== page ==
Politics
President Barack Obama and Richard Cordray, center, visits with William Eason, Wednesday, Jan. 4, 2012, at his home in Cleveland, Ohio. (AP Photo/Haraz N. Ghanbari) President Barack Obama and Richard Cordray, center, visits with William Eason, Wednesday, Jan. 4, 2012, at his home in Cleveland, Ohio. (AP Photo/Haraz N. Ghanbari)  

Obama escalates appointments crisis, claims Cordray has full powers without Senate approval

Neil Munro
White House Correspondent

President Barack Obama today escalated his claimed power to appoint top officials by announcing that his financial-sector appointee also has authority that is legally reserved only for an official who has been confirmed by the Senate.

The 2010 law that established the Consumer Financial Protection Bureau includes a section that says many of the bureau’s new powers are to be held by the secretary of the Treasury “until the Director of the Bureau is confirmed by the Senate.”

Obam’s Jan. 3. claim to have appointed Cordray appears to violate the Constitution and is a grab for increased presidential power, say many constitutional lawyers.

But his new Jan. 6 claim about Cordray’s powers goes even further by contradicting the plain language of the 2010 law that created the bureau.

Section 1066 of the law says many of the bureau’s new powers are activated once the Senate confirms a director. Those extra powers include the authority to write regulations for non-bank firms, such as payday lenders.

Obama also said Friday that Cordray’s new authority include those powers.

“Now that Richard [Cordray] is your director, you can finally exercise the full power that this agency has been given to protect consumers under the law,” Obama said in a Dec. 6 visit to the CFPB. (RELATED: Full coverage of the Consumer Financial Protection Bureau)

“Now that he’s here, irresponsible debt collectors and payday lenders, independent mortgage services and loan providers, they’re all bound by the same rules as everyone else.”

Obama’s declarations have “now escalated to arrogance on steroids,” said Roger Pilon, the founder and director of the Cato Institute’s constitutional studies center. Congress makes laws and the White House executes them, said Pilon, and Obama’s constitutional and legal claims “are a direct attack on the [Constitution’s] separation of powers principle.”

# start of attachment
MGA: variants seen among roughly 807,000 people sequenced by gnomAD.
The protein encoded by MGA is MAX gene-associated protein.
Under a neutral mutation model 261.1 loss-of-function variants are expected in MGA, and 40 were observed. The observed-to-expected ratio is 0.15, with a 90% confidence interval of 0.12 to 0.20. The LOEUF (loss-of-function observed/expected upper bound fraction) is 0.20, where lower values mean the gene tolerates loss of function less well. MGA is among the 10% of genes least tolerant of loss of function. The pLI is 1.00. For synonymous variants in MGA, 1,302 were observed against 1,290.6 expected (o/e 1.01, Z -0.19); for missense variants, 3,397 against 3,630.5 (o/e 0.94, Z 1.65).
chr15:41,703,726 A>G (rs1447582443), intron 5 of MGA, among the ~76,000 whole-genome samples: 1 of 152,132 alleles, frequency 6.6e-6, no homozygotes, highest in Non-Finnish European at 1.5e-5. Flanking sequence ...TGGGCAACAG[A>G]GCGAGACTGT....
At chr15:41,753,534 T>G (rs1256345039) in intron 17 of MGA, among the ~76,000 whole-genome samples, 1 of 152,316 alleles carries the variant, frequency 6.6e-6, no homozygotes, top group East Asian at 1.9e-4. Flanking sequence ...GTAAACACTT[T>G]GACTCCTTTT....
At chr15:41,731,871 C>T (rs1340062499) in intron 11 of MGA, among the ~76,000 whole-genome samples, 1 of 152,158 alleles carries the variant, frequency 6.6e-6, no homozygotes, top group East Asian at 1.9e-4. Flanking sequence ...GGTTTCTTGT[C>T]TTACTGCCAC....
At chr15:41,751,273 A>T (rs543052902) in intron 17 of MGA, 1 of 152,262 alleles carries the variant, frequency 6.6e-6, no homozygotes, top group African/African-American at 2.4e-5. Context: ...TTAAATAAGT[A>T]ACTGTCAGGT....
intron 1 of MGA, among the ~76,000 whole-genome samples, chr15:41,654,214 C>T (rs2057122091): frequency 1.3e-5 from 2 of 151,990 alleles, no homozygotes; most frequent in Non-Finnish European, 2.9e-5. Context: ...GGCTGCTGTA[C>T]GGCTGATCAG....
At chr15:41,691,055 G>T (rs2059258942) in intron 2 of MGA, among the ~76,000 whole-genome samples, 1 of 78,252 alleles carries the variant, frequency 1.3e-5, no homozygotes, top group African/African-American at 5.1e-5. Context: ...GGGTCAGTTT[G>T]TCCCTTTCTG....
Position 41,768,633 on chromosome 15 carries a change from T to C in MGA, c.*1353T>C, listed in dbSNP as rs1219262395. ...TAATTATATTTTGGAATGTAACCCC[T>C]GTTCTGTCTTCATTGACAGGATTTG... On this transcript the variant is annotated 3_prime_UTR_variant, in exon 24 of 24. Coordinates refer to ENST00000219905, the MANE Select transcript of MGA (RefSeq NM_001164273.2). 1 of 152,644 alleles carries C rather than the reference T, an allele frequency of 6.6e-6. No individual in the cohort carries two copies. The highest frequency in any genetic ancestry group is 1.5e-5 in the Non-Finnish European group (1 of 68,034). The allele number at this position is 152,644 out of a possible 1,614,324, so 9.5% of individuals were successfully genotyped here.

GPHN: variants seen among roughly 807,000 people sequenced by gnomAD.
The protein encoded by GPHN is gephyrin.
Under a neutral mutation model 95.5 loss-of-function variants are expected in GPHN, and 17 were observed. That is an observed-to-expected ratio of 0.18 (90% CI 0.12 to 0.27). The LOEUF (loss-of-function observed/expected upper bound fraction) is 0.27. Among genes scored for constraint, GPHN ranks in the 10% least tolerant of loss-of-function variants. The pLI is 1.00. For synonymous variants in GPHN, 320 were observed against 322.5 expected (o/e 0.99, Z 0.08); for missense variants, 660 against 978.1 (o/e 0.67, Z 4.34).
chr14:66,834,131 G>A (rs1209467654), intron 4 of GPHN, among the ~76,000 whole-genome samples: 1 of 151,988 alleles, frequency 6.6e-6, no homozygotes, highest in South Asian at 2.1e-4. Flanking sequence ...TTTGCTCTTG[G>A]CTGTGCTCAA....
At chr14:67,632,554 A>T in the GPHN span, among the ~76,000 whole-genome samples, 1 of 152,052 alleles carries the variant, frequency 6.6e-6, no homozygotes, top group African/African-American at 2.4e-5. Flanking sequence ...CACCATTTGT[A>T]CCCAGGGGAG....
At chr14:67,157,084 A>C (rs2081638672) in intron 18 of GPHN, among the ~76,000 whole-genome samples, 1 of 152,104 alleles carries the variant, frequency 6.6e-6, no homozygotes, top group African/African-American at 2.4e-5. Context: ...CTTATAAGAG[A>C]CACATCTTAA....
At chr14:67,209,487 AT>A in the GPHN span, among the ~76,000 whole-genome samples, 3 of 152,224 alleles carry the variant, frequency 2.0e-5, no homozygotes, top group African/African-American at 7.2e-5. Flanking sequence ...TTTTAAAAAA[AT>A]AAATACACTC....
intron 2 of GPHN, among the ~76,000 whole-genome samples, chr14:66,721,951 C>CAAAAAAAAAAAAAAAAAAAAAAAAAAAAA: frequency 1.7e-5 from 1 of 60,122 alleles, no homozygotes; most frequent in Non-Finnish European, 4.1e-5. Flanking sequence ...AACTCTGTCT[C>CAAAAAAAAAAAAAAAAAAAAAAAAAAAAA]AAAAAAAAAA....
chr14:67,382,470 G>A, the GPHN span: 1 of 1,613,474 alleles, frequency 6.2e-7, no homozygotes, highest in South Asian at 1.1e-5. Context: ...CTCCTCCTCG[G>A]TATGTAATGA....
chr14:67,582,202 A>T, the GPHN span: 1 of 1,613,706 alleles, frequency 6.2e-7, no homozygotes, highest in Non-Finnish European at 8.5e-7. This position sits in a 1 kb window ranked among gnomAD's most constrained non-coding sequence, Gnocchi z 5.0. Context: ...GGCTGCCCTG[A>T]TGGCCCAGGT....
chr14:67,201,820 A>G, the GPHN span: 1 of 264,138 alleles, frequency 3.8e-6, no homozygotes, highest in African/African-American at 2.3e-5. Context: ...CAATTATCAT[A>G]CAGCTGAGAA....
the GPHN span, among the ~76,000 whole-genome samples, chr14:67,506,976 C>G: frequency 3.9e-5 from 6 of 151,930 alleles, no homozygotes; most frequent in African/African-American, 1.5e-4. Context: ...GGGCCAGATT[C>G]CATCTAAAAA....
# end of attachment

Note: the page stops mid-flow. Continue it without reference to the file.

The Constitution, he said, curbs the president’s power by requiring him to win Senate approval for his top appointments. That, he said, “is a check on unbridled executive power.”

White House officials declined to answer The Daily Caller’s question about Obama’s claim to have confirmed — and not just recess-appointed — Cordray.

Instead, a White House official reiterated the unchallenged fact that a person can serve as director of the bureau after a proper recess appointment.

“The CFPB’s authorizing statute does not limit the President’s ability to exercise his constitutional power to appoint a Director during a recess,” said a statement from White House spokesman Eric Schultz. “The CFPB statute, like other statutes, makes clear that the Director is a presidentially-appointed, Senate-confirmed position, but it does not preclude a recess-appointed Director from serving.

Schultz declined to address the question of whether Obama can declared Cordray to be confirmed.

In a break from routine, White House officials did not hold a press conference today. The next conference will likely be held in three days.

During former president George W. Bush’s term in office, liberals heavily criticized him for saying the presidency affords America’s chief executive the authority to direct the nation’s foreign affairs without the agreement of the Congress. These controversies revolved around the idea of a “unitary executive,” which progressives said was a power grab.

However, “here we’re dealing with domestic issues where the president has far less independent power than in foreign affairs,” said Pilon.

This controversy created by Obama’s decisions, he said, is “a constitutional problem right from the start.”

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